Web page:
REGISTER VIEWPOINT: If you can't see it, it's censorship

Artist James Parlin has stirred up a controvery at BGSU Firelands with one of his works of art. But you won&rsq
Sandusky Register Staff
May 24, 2010

Artist James Parlin  has stirred up a controvery at BGSU Firelands with one of his works of art.

But you won’t be able to see it. Firelands Dean James Smith reacted to objections to the piece by ordering it removed from the Little Gallery. In protest to this censorship, the gallery shut down the entire exhibit.

The trouble with censorship is someone else is deciding what you can hear, see or read. It supposes you are not intelligent enough or moral enough to decide for yourself and must be protected.

All this seems OK when the censor shares your principles. But let him try to stifle what you do not find offensive and the trouble with the basic premise of censorhip becomes apparent.

What’s acceptable varies from place to place, so the only way to ensure no group’s freedom of expression is usurped is to stand strong against all censorship.

Each individual must censor himself according to his own standards.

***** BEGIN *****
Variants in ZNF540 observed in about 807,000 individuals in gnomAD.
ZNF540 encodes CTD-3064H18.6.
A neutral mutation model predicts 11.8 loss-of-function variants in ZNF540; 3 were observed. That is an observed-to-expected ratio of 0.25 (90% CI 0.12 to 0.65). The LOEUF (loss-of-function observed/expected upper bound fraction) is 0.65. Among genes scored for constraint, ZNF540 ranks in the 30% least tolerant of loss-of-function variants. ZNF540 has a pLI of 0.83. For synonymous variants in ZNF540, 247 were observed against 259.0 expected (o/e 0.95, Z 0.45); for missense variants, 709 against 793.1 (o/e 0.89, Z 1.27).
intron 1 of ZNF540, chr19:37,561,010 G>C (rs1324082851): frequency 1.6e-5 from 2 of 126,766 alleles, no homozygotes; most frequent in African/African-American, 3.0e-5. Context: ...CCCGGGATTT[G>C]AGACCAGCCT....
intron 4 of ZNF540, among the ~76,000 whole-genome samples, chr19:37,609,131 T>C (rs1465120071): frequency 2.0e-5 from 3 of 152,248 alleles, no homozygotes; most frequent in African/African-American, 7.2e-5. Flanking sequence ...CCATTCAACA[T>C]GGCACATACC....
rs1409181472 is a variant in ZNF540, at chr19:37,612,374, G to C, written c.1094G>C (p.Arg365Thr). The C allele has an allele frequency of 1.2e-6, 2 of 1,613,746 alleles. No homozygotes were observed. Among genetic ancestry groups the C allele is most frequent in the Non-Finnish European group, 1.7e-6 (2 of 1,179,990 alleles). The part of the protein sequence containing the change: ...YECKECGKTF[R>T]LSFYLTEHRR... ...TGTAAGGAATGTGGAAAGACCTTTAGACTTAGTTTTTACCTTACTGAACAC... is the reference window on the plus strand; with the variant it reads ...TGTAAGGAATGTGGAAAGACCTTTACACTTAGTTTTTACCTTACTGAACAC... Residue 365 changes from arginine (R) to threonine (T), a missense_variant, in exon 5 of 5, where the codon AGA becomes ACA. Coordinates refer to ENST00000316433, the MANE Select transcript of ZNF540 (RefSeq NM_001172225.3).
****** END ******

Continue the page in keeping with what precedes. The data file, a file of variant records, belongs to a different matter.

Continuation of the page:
If a book, a song or an art display offends you, by all means avoid it.

It’s your right.

If you think any of these things could be harmful to your children, exercise your parental authority to curb their access to them.

It’s your duty.

But your right to shelter anyone from offensive material extends no further than your doorstep.

BGSU Firelands can invite any artists it wishes.

Once the invitation is extended and the display is in place, bowing to viewers’ concerns about the suitability of the display is censorship.

To placate those who object to the subject matter, a warning of controversial material within the gallery could have been posted. The decision to view the art would then be placed squarely where it belongs — on the individual.

Those who argue the installation is indecent should consider the fine line between art and pornography — a line that has changed throughout the centuries, from culture to culture. At one time, the works of Michelangelo were scorned as indecent.

This exhibit is not in an elementary school but in a university — traditionally the venue where young adults have access to all the world  has to offer in art, ideas and diverse thought.

Dean Smith had a tough choice to make about the gallery display. It’s too bad the spectre of censorship trumped the principle of unfettered expression in a setting which owes its very existence to free thinking.